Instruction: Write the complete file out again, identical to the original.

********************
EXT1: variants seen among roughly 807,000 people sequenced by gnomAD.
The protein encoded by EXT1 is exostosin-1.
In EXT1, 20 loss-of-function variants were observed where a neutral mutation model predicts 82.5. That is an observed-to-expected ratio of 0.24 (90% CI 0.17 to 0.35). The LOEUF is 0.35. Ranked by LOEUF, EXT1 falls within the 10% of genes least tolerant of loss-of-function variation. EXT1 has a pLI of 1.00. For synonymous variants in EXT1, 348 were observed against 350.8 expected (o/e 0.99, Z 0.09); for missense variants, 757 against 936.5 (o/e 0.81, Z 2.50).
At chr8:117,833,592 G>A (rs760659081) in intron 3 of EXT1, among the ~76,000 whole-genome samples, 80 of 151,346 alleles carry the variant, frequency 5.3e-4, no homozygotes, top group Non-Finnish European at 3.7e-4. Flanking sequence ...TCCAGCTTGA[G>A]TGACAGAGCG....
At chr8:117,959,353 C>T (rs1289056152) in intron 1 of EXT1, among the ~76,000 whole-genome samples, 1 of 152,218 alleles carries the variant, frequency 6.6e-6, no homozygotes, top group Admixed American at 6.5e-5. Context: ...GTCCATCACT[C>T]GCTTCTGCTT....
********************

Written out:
EXT1: variants seen among roughly 807,000 people sequenced by gnomAD.
The protein encoded by EXT1 is exostosin-1.
In EXT1, 20 loss-of-function variants were observed where a neutral mutation model predicts 82.5. That is an observed-to-expected ratio of 0.24 (90% CI 0.17 to 0.35). The LOEUF is 0.35. Ranked by LOEUF, EXT1 falls within the 10% of genes least tolerant of loss-of-function variation. EXT1 has a pLI of 1.00. For synonymous variants in EXT1, 348 were observed against 350.8 expected (o/e 0.99, Z 0.09); for missense variants, 757 against 936.5 (o/e 0.81, Z 2.50).
At chr8:117,833,592 G>A (rs760659081) in intron 3 of EXT1, among the ~76,000 whole-genome samples, 80 of 151,346 alleles carry the variant, frequency 5.3e-4, no homozygotes, top group Non-Finnish European at 3.7e-4. Flanking sequence ...TCCAGCTTGA[G>A]TGACAGAGCG....
At chr8:117,959,353 C>T (rs1289056152) in intron 1 of EXT1, among the ~76,000 whole-genome samples, 1 of 152,218 alleles carries the variant, frequency 6.6e-6, no homozygotes, top group Admixed American at 6.5e-5. Context: ...GTCCATCACT[C>T]GCTTCTGCTT....